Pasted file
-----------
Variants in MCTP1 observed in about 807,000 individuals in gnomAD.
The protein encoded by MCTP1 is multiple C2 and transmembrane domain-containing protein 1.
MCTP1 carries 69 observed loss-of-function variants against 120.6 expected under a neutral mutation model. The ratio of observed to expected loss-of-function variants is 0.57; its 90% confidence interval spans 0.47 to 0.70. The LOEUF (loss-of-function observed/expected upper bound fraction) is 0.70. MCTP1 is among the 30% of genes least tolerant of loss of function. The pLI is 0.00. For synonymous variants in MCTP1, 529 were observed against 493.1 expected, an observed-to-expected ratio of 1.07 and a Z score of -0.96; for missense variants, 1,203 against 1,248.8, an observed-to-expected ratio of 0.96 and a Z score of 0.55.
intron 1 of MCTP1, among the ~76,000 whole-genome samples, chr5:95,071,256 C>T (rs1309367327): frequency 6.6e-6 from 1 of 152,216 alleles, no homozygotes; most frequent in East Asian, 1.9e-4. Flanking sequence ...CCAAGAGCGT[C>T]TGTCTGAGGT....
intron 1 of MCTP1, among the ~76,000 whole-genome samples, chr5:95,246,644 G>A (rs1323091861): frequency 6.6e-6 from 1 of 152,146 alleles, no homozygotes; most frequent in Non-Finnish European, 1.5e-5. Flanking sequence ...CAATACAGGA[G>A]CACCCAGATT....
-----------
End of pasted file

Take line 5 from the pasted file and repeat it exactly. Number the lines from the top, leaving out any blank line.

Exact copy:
intron 1 of MCTP1, among the ~76,000 whole-genome samples, chr5:95,246,644 G>A (rs1323091861): frequency 6.6e-6 from 1 of 152,146 alleles, no homozygotes; most frequent in Non-Finnish European, 1.5e-5. Flanking sequence ...CAATACAGGA[G>A]CACCCAGATT....